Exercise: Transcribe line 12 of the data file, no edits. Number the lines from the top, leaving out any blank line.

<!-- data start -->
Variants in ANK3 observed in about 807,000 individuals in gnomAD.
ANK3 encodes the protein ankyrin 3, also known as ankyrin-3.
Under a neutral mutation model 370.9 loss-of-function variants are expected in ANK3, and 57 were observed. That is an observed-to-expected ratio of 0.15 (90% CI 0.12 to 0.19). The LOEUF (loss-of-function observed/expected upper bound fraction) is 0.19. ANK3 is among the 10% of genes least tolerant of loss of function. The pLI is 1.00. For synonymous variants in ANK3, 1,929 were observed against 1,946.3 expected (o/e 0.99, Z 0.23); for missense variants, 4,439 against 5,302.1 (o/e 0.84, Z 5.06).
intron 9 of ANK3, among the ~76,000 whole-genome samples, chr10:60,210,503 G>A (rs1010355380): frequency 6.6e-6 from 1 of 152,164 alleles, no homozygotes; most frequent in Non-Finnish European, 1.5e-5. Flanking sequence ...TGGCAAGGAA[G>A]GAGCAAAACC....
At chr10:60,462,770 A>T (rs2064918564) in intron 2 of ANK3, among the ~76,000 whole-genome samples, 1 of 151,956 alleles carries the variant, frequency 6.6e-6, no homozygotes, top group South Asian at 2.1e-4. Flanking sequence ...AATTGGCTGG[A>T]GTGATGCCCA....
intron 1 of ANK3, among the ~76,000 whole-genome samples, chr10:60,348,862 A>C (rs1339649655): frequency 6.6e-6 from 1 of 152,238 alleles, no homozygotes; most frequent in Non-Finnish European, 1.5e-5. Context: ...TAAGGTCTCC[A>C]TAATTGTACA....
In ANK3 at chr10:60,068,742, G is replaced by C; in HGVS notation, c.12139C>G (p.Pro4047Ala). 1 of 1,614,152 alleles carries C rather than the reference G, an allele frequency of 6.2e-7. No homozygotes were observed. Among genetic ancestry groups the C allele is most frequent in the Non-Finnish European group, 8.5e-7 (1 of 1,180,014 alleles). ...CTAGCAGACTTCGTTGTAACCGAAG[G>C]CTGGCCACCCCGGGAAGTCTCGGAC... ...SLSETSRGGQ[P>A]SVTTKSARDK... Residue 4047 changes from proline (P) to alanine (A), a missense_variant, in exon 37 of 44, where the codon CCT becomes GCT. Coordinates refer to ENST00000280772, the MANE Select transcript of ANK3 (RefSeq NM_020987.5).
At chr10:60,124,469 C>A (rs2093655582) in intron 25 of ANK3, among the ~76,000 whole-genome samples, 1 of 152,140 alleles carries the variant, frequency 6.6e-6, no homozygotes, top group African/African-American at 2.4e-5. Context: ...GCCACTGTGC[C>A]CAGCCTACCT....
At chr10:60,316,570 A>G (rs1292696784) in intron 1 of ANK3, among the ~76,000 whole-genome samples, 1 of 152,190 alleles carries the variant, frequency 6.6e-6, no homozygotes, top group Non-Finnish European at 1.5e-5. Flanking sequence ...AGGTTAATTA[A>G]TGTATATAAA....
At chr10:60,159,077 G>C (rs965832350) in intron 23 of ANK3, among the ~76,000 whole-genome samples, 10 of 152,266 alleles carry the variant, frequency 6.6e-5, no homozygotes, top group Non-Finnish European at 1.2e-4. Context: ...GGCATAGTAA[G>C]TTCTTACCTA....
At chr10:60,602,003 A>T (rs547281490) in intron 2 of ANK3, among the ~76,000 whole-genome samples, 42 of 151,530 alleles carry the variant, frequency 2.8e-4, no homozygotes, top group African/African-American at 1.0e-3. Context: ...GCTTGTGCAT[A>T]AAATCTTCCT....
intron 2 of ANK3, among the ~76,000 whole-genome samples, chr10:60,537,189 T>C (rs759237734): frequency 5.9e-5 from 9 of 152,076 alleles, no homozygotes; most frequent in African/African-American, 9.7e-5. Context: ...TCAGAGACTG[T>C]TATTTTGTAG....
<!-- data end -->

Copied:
intron 2 of ANK3, among the ~76,000 whole-genome samples, chr10:60,537,189 T>C (rs759237734): frequency 5.9e-5 from 9 of 152,076 alleles, no homozygotes; most frequent in African/African-American, 9.7e-5. Context: ...TCAGAGACTG[T>C]TATTTTGTAG....